There’s a book party at Tao next week, but its guest list looks more like a Davos reunion. Among the yeses: ex-Chairman of the Fed Alan Greenspan, Nobelist Joseph Stiglitz, Pershing Square boss Bill Ackman, and Financial Times editor Gillian Tett.
Assuming they show, that’s not a bad draw for a first-time author. Then again, The Alpha Masters, by 27-year-old Squawk Box producer Maneet Ahuja, isn’t just any book. Like the party, the book is an impressive feat of investor-wrangling, a collection of insider accounts from low-profile, high-powered hedge fund managers like John Paulson, Marc Lasry and David Tepper. It’s out on May 21 from Wiley.
During a midday break in a windowless office at Squawk Box network CNBC headquarters in Englewood Cliffs, NJ on Friday, The Observer asked Ms. Ahuja if her elusive subjects would be celebrating their portrayal in Alpha Masters. “I haven’t checked the R.S.V.P. list, um, in the last hour,” she said. “I was advised not to harass for updates.”
Harassment—or tenacity, some might say—is Ms. Ahuja’s calling card. The Alpha Masters, and a related rash of exclusive CNBC gets, including blue chip investors like Ray Dalio and Eddie Lampert, earned Ms. Ahuja a reputation as one of the best-connected young producers in television. Forbes’s “30 Under 30” and Elle’s “Genius” lists have identified her as a kind of Hedge Fund Manager Whisperer. And now, after four years behind the scenes, she’s diligently training to become an on-air reporter.
“I knew some of these guys from a prior lifetime,” Ms. Ahuja, wearing a yellow boucle jacket and close-up friendly long lashes, said casually.
Prior to joining CNBC in 2008, Ms. Ahuja parsed financial data for the Wall Street Journal and turned down a job with George Soros. When explaining her quick rise, Ms. Ahuja relies heavily—and graciously—on the notion of good luck. She was “fortunate” to land an internship on Wall Street at seventeen, and it was “just chance” that her supervisor never came back from maternity leave.
Once she’d assumed her old boss’s duties, it was auspicious that the deans at Columbia helped Ms. Ahuja arrange her class schedule to allow her to work three 12-hour days a week at Citigroup and, later, Merrill Lynch, where it was sheer providence that she was allowed to dabble in a small hedge fund called Endeavour Capital.
It may have been “the luck of the draw” that her first assignment at Squawk Box was to prepare for an appearance by David Einhorn (who was quickly becoming one of the world’s most famous hedge fund managers for his Lehman Brothers short), but after that it would be hard to argue that Ms. Ahuja didn’t arrive under her own steam.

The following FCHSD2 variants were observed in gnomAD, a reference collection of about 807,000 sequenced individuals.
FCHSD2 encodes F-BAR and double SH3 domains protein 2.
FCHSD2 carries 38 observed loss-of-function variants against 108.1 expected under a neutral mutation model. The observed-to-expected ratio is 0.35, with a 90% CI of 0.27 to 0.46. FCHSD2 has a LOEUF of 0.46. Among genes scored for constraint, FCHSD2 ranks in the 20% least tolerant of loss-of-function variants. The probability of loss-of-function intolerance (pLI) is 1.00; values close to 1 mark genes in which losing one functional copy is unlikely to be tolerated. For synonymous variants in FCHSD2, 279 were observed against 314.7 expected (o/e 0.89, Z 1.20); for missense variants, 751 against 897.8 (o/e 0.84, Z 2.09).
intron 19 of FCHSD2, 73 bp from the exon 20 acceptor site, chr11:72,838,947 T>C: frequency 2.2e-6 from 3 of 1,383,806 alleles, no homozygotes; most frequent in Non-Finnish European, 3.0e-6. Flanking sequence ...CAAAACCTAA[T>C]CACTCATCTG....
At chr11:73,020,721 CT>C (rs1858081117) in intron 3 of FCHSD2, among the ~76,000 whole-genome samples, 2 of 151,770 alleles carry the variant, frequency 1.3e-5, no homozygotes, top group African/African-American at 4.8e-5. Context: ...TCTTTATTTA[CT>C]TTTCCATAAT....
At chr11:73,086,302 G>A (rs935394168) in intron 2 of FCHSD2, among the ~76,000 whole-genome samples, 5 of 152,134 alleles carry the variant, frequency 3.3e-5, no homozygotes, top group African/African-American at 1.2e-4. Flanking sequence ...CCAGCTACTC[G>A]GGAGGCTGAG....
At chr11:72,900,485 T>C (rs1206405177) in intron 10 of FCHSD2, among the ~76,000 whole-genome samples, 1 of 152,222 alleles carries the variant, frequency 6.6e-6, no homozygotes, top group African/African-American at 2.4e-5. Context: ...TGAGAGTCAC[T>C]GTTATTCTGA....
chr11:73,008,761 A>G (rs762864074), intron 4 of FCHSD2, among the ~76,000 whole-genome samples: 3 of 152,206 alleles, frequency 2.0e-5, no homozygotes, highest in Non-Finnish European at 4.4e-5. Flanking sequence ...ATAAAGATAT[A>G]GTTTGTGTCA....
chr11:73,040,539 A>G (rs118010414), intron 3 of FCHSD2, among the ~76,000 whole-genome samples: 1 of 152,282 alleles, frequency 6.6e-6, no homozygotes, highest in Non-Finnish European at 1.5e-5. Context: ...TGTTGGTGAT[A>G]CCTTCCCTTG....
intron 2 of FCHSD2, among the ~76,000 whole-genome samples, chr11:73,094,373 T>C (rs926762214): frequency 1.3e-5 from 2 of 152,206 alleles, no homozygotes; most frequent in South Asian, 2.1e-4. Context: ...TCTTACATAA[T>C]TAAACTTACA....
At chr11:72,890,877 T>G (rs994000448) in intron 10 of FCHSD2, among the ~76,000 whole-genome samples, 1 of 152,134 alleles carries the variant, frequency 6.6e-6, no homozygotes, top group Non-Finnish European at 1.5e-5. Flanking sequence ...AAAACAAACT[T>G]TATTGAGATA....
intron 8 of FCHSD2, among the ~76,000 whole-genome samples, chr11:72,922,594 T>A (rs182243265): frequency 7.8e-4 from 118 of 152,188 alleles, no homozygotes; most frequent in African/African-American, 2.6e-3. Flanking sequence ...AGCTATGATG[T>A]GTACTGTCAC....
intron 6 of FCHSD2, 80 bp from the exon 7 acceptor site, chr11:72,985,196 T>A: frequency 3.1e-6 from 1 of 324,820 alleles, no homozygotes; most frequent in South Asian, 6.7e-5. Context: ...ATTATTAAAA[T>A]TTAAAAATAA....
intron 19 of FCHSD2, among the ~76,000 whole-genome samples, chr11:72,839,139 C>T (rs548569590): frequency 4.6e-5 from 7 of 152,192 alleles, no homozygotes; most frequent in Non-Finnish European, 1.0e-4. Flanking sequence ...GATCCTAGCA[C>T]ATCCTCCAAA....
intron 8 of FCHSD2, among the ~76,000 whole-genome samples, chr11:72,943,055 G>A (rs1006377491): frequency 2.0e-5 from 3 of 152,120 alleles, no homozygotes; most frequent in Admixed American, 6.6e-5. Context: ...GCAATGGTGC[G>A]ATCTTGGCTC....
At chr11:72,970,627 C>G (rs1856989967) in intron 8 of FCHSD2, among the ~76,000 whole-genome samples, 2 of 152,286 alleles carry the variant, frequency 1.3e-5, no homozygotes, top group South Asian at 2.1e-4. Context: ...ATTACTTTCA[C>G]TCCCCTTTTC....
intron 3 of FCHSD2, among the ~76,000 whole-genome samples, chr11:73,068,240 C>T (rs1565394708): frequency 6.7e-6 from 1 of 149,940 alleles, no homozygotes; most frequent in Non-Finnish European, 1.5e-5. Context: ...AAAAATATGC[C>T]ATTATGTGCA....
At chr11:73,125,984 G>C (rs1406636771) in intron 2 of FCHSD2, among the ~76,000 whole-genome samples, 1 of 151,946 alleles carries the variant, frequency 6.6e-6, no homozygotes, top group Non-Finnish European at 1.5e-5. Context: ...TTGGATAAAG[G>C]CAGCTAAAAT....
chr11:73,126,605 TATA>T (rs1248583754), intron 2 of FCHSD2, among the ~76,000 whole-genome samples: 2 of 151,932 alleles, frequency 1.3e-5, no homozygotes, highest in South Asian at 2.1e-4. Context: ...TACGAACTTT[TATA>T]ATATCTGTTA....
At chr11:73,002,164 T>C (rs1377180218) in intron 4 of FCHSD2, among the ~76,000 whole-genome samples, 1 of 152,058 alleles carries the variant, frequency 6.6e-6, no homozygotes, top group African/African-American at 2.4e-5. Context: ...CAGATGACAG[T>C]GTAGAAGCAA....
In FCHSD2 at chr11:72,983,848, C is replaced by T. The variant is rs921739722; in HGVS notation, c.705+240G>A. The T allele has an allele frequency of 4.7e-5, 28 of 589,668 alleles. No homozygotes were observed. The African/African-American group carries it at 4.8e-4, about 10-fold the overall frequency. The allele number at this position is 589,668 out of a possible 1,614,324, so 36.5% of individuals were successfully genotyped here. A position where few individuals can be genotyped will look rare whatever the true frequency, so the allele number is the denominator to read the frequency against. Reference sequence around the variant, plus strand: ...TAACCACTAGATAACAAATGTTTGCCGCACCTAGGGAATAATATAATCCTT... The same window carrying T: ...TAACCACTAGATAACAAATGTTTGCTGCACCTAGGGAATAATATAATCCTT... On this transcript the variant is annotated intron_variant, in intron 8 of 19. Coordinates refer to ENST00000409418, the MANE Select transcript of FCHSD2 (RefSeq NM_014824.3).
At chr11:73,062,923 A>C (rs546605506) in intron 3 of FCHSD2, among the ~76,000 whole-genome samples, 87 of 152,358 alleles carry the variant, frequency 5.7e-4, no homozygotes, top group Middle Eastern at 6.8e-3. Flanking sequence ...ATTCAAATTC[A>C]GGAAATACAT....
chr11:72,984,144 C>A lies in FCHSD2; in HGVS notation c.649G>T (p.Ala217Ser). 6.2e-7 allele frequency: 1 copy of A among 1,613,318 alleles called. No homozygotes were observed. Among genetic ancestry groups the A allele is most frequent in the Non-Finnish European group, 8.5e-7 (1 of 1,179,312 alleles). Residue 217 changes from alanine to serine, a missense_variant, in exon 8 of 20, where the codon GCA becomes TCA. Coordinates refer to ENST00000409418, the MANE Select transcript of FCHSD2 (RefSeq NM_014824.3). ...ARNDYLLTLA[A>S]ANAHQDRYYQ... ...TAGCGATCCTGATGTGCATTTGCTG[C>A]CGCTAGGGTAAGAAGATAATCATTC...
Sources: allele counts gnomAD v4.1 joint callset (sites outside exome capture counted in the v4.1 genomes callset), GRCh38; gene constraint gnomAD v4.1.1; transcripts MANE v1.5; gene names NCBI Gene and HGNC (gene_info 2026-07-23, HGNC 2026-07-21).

Impressed by her facility with a balance sheet, Mr. Einhorn became a point of entry to the world of messianic money managers. Still, it took two to three years of “bordering-on-stalkerlike activities” to get access to the book’s other characters.
“Maneet is a force of nature,” said Jonathan Wald, a former CNBC exec now at CNN. “Anybody who has dealt with her or who has been on the receiving end of her assault knows that’s true.”
She chased down money managers at industry events, interviewed their investors and friends, cajoled their lawyers.
“You say, ‘No, no, thank you,’ and Maneet just keeps calling back, incredibly polite and incredibly persistent,” said Sallie Krawcheck, the former Bank of America head of wealth management. “So when you are ready to say something, she’s at the top of your mind.”
Ms. Ahuja modestly chalked it up to her press credentials.
“I felt very fortunate to be calling from CNBC, a platform that people trust and recognize,” she said, noting that Squawk Box is “watched in the White House.”
Last month CNBC shrugged off a Daily News report suggesting that execs were “freaking out” over Squawk Box’s declining ratings. The network had always been more interested in a small but influential audience, they said, one that Nielsen’s not great at keeping tabs on.
Sure, CNBC has a reliable audience among bankers who wake up to check the Asian markets and like to ogle Becky Quick, but with cable news viewership down more broadly, it’s the big-name interviews that have the ability to generate buzz.
“The thing that I wish I could bottle and sell is that somehow she has these people in the palm of her hand,” said Squawk Box co-anchor and New York Times reporter Andrew Ross Sorkin, who stressed the importance of booking to the program’s success.